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      Bioactive Glass-Ceramic Foam Scaffolds from ‘Inorganic Gel Casting’ and Sinter-Crystallization

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          Highly porous bioactive glass-ceramic scaffolds were effectively fabricated by an inorganic gel casting technique, based on alkali activation and gelification, followed by viscous flow sintering. Glass powders, already known to yield a bioactive sintered glass-ceramic (CEL2) were dispersed in an alkaline solution, with partial dissolution of glass powders. The obtained glass suspensions underwent progressive hardening, by curing at low temperature (40 °C), owing to the formation of a C–S–H (calcium silicate hydrate) gel. As successful direct foaming was achieved by vigorous mechanical stirring of gelified suspensions, comprising also a surfactant. The developed cellular structures were later heat-treated at 900–1000 °C, to form CEL2 glass-ceramic foams, featuring an abundant total porosity (from 60% to 80%) and well-interconnected macro- and micro-sized cells. The developed foams possessed a compressive strength from 2.5 to 5 MPa, which is in the range of human trabecular bone strength. Therefore, CEL2 glass-ceramics can be proposed for bone substitutions.

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          Most cited references 37

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          How useful is SBF in predicting in vivo bone bioactivity?

          The bone-bonding ability of a material is often evaluated by examining the ability of apatite to form on its surface in a simulated body fluid (SBF) with ion concentrations nearly equal to those of human blood plasma. However, the validity of this method for evaluating bone-bonding ability has not been assessed systematically. Here, the history of SBF, correlation of the ability of apatite to form on various materials in SBF with their in vivo bone bioactivities, and some examples of the development of novel bioactive materials based on apatite formation in SBF are reviewed. It was concluded that examination of apatite formation on a material in SBF is useful for predicting the in vivo bone bioactivity of a material, and the number of animals used in and the duration of animal experiments can be reduced remarkably by using this method.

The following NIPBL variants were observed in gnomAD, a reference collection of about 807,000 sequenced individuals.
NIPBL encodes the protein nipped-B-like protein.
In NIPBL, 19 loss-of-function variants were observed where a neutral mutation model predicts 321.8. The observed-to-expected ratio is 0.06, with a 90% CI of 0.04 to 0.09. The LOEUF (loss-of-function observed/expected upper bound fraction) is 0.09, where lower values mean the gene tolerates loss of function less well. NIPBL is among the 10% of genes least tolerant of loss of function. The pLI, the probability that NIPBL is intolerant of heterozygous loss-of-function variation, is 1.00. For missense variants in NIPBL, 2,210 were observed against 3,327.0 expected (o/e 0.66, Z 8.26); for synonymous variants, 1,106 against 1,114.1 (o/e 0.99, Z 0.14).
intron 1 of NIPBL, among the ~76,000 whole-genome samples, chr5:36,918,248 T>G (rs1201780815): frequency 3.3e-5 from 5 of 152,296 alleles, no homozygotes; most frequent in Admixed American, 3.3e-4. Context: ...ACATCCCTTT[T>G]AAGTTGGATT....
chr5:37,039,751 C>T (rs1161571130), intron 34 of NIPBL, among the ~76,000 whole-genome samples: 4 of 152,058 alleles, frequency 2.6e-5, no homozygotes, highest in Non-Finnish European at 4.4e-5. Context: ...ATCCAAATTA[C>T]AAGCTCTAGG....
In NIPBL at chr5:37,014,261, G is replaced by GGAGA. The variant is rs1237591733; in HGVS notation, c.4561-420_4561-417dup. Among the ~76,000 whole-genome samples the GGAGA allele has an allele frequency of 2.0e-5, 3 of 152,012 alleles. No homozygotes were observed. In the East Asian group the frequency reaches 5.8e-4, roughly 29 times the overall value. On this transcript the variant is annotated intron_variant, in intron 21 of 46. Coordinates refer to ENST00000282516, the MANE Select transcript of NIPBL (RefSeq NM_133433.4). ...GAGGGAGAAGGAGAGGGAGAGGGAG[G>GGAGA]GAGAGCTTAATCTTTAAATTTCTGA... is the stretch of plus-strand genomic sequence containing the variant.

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            Scaffolds in tissue engineering bone and cartilage.

            Musculoskeletal tissue, bone and cartilage are under extensive investigation in tissue engineering research. A number of biodegradable and bioresorbable materials, as well as scaffold designs, have been experimentally and/or clinically studied. Ideally, a scaffold should have the following characteristics: (i) three-dimensional and highly porous with an interconnected pore network for cell growth and flow transport of nutrients and metabolic waste; (ii) biocompatible and bioresorbable with a controllable degradation and resorption rate to match cell/tissue growth in vitro and/or in vivo; (iii) suitable surface chemistry for cell attachment, proliferation, and differentiation and (iv) mechanical properties to match those of the tissues at the site of implantation. This paper reviews research on the tissue engineering of bone and cartilage from the polymeric scaffold point of view.
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              Bioceramics: From Concept to Clinic

               Larry L Hench (1991)

                Author and article information

                Materials (Basel)
                Materials (Basel)
                27 February 2018
                March 2018
                : 11
                : 3
                [1 ]Department of Industrial Engineering, University of Padova, Via Marzolo 9, 35131 Padova, Italy; hamada.elsayed@ (H.E.); acacio.rinconromero@ (A.R.R.)
                [2 ]Ceramics Department, National Research Centre, El-Bohous Street, Cairo 12622, Egypt
                [3 ]Dipartimento Scienza Applicata e Tecnologia, Politecnico di Torino, 10129 Torino, Italy; giulia.molino@ (G.M.); chiara.vitale@ (C.V.B.)
                Author notes
                [* ]Correspondence: enrico.bernardo@ ; Tel.: +39-049-827-5510; Fax: +39-049-827-5505
                © 2018 by the authors.

                Licensee MDPI, Basel, Switzerland. This article is an open access article distributed under the terms and conditions of the Creative Commons Attribution (CC BY) license (


                gel casting, cel2 glass, glass-ceramics, alkali activation


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